The project is only partially up and running because a few critical components are unavailable due to the global parts shortage. But it will soon be able to control smart home devices, such as [Xasin]’s standalone Dragon’s Home smart home system that we wrote about earlier this year. If you want to learn more about tap controlling in general, check out this article from 2018. You can see the Tap introduce itself and its features in the short video below the break.

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The Hackaday Remoticon 2 Badge: An Exercise In Your Own Ingenuity

The twin challenges of the pandemic and now the semiconductor shortage have been particularly hard on the designers of event badges, as events have been cancelled and uncertain supply issues render their task impossible. When an event goes virtual, how do you even¬†start to produce a badge for it? Make the badge and rely on enough stalwarts buying one? Or maybe produce a badge that’s a fancy take on a prototyping board?

For Hackaday Remoticon 2021, [Thomas Flummer] has produced a novel take on the second option by distributing a badge as a set of KiCAD files that can either be ordered from a PCB fab as a prototyping board or used as the canvas for a PCB to use whatever components are to hand. To demonstrate this, he’s produced an example badge that’s a MicroMod carrier.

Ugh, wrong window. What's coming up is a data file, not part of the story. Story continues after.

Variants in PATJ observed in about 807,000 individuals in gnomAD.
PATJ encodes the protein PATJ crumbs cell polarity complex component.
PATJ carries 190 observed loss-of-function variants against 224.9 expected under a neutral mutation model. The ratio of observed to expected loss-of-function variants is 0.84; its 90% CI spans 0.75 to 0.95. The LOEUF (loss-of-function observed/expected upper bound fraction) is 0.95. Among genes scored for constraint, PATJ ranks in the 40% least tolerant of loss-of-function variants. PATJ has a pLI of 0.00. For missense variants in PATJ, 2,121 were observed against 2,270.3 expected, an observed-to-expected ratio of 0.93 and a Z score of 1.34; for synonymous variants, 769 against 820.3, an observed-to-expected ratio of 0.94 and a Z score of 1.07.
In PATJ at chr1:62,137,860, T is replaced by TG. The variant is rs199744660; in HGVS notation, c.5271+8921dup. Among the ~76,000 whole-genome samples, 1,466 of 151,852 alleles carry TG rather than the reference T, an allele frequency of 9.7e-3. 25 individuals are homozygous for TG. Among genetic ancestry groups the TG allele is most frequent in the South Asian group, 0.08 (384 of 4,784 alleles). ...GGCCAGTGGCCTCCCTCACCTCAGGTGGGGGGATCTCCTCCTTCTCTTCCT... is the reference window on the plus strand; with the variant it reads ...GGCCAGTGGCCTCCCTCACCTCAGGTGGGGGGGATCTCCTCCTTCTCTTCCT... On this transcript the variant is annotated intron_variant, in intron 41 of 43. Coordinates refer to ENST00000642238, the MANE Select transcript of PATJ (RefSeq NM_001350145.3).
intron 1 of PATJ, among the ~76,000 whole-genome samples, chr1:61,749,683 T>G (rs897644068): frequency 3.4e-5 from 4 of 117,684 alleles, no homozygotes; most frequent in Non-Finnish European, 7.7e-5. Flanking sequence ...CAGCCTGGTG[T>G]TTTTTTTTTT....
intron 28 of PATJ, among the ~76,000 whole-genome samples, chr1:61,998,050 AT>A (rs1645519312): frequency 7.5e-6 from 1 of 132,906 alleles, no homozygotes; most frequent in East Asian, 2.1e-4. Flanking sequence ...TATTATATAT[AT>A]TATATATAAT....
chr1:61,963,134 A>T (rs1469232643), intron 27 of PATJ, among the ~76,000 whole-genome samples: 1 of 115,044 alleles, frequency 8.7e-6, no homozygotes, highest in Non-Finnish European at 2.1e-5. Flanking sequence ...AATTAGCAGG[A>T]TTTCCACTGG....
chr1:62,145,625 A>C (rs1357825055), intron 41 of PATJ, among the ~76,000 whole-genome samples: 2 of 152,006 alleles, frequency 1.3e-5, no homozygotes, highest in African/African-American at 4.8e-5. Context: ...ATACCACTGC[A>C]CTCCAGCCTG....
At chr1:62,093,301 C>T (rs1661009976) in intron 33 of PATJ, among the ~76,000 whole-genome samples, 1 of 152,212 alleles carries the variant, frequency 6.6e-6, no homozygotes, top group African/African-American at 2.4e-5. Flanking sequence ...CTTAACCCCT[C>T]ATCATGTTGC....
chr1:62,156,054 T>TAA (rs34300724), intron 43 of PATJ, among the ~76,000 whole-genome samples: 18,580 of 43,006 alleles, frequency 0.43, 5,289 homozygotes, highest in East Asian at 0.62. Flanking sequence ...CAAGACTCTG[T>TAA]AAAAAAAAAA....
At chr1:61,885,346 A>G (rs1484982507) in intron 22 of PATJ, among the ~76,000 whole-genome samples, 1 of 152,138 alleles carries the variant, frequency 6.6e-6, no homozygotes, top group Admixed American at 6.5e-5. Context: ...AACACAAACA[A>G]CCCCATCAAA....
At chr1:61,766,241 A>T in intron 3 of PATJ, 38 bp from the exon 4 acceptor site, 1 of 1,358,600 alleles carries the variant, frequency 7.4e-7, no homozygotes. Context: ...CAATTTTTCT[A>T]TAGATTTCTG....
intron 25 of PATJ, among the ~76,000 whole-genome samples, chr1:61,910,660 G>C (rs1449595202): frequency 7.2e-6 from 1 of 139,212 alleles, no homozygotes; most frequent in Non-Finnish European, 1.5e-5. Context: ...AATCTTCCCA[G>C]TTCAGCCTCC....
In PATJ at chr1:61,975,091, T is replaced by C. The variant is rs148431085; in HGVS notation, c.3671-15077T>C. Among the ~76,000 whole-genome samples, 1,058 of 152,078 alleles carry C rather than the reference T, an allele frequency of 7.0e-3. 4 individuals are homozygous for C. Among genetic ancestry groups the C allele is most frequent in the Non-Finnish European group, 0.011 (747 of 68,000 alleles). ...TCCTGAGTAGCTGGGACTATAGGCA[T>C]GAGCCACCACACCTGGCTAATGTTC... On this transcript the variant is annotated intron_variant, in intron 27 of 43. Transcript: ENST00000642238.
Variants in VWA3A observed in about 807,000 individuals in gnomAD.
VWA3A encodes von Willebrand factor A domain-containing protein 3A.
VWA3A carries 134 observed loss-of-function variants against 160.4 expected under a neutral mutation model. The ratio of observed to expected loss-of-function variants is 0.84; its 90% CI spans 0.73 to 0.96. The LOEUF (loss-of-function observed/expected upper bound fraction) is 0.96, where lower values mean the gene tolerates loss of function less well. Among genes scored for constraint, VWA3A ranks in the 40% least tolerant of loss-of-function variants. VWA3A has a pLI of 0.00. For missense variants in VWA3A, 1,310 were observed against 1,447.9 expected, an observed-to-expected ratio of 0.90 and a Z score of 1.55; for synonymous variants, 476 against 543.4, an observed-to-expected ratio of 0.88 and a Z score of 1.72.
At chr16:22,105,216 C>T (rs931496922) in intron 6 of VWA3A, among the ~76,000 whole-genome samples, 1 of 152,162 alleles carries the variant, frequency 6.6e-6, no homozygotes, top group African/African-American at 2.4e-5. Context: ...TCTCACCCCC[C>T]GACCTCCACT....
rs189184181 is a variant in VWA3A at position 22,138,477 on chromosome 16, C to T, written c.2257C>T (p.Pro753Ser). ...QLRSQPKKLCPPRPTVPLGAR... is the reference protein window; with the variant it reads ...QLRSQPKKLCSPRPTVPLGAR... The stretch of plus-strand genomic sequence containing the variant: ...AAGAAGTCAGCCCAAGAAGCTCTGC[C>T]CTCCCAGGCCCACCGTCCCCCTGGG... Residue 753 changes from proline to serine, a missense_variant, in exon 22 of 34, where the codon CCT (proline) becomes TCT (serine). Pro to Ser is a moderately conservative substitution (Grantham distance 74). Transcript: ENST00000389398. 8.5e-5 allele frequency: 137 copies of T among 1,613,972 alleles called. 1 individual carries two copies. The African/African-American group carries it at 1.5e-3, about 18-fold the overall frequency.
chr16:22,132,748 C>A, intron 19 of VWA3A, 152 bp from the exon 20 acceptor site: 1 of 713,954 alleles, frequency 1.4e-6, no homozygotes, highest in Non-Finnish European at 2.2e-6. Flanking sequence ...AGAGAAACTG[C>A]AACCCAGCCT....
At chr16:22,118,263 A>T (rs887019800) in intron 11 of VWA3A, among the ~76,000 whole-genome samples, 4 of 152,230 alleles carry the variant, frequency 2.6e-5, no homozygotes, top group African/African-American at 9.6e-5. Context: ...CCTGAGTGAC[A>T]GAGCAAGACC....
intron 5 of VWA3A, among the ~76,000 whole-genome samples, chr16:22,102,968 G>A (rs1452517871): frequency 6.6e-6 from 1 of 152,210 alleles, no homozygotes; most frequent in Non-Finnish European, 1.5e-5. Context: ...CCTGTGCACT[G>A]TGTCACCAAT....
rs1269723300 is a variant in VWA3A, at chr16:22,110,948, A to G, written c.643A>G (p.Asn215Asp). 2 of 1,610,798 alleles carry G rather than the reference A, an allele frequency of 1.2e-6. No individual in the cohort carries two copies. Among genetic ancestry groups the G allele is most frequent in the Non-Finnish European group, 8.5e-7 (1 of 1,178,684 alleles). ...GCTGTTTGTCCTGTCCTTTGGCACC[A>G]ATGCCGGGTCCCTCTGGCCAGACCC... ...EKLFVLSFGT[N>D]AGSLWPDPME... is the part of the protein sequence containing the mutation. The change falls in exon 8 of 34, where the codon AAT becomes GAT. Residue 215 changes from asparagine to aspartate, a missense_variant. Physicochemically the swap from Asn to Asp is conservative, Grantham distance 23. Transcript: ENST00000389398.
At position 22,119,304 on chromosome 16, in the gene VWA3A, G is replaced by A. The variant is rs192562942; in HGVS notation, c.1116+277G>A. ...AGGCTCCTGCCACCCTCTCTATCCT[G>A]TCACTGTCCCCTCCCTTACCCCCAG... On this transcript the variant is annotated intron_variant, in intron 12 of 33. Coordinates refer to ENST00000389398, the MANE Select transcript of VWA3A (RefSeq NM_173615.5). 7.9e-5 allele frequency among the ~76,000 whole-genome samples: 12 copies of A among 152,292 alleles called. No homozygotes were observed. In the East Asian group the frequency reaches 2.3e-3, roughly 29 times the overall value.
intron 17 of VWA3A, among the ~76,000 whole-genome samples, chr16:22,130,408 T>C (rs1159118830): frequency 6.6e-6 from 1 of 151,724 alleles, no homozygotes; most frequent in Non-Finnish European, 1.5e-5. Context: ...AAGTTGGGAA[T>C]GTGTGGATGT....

So if you’d like to chase the full Remoticon experience with a badge there should still be enough time to order a set of boards, but to design your own electronics you’ll need to get a move on. What you might build upon it is up to you, but if you have an ESP32 module lying around you might wish to consider cloning the SHA2017 badge or its successors with the badge.team platform.

We’ve seen Thomas’ work before more than once on these pages, most notably as the man behind the BornHack badges.

Hands-On: BornHack 2020 Badge Has 9×32 Of Bling Fed By CircuitPython

Despite widespread pandemic cancellations, BornHack still happened this year and they even managed to once again bring an electronic badge to all attendees. If you missed it, I’ve already published an overview of the hacker camp itself. Today let’s dig into the 2020 BornHack badge!